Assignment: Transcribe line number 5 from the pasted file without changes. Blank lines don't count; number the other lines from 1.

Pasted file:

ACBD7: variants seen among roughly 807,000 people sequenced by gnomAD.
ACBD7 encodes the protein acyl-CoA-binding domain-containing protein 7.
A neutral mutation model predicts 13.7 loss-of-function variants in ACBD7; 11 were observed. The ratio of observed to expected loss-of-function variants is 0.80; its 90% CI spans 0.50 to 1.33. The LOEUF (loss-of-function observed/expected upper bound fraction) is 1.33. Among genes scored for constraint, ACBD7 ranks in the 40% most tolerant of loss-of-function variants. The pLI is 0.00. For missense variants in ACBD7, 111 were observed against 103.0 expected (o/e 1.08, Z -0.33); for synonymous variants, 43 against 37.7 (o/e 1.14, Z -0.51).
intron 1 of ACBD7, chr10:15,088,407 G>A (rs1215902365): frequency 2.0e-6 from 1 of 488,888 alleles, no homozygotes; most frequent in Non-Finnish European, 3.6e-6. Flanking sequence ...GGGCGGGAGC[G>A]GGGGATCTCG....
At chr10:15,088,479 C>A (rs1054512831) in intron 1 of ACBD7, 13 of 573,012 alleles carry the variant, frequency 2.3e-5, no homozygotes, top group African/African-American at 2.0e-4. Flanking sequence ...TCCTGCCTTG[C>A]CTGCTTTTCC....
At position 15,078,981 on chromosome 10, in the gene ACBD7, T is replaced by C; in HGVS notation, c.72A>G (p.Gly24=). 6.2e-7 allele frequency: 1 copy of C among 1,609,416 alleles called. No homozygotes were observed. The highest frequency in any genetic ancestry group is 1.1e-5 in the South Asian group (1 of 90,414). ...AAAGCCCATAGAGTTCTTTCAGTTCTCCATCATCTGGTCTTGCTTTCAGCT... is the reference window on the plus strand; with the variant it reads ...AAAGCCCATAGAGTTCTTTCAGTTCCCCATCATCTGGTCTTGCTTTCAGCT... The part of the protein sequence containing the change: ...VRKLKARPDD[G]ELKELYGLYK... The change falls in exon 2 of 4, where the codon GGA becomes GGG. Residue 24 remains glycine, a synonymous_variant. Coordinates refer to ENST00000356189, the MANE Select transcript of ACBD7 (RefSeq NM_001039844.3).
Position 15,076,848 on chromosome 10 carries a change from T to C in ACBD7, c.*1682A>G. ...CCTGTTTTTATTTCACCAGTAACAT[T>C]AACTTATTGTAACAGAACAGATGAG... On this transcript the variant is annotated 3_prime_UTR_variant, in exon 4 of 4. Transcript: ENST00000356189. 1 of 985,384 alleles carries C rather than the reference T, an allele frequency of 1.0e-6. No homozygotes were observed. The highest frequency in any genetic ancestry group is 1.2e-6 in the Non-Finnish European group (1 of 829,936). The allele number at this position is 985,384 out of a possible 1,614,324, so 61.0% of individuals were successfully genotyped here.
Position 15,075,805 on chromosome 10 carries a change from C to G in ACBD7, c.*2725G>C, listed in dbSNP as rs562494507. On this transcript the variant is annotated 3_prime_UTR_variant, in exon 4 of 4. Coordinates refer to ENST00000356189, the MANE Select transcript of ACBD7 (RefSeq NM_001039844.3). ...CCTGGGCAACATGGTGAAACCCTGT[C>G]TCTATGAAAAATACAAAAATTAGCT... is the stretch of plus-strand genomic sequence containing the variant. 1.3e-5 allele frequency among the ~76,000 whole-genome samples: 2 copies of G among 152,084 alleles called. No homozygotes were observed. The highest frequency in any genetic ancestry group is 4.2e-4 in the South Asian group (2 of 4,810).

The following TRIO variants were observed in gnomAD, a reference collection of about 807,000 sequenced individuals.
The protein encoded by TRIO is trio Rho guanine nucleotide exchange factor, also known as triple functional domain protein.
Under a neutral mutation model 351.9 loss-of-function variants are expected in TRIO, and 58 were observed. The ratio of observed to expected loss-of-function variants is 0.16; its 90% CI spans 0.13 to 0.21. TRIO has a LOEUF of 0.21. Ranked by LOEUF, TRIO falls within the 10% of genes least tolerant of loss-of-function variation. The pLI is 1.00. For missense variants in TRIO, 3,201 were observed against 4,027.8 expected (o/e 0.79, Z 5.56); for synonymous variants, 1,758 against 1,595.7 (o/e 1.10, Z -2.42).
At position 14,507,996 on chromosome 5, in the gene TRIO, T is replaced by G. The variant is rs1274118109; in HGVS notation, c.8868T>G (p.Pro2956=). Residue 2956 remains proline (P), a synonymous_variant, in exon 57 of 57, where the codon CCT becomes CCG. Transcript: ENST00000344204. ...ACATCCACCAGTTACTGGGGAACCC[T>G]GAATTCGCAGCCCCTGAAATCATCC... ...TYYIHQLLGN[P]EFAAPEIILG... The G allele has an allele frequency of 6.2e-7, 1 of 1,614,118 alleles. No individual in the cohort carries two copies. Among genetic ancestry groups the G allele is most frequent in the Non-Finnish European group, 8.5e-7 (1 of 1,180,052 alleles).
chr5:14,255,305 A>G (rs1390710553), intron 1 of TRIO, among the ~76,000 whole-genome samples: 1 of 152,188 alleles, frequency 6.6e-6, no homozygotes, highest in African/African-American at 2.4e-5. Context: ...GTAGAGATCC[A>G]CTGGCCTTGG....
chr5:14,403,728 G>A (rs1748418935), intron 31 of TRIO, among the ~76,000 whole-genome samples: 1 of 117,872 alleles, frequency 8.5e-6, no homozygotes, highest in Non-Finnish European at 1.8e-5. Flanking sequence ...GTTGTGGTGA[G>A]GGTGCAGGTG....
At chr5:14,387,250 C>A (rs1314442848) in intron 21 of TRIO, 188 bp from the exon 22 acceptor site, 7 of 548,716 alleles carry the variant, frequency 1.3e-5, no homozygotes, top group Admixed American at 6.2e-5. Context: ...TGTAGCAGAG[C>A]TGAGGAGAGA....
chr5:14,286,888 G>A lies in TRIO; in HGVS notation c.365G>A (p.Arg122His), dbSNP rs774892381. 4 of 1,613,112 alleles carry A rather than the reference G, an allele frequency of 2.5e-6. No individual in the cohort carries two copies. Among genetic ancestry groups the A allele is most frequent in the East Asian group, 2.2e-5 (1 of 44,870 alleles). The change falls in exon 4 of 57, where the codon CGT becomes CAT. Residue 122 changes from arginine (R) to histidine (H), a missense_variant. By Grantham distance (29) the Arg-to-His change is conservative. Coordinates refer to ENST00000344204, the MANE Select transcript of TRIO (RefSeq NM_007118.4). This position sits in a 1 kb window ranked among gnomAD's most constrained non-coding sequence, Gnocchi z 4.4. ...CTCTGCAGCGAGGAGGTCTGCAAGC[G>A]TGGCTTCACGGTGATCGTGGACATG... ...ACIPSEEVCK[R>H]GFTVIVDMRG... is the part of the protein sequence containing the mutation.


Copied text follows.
At chr10:15,088,479 C>A (rs1054512831) in intron 1 of ACBD7, 13 of 573,012 alleles carry the variant, frequency 2.3e-5, no homozygotes, top group African/African-American at 2.0e-4. Flanking sequence ...TCCTGCCTTG[C>A]CTGCTTTTCC....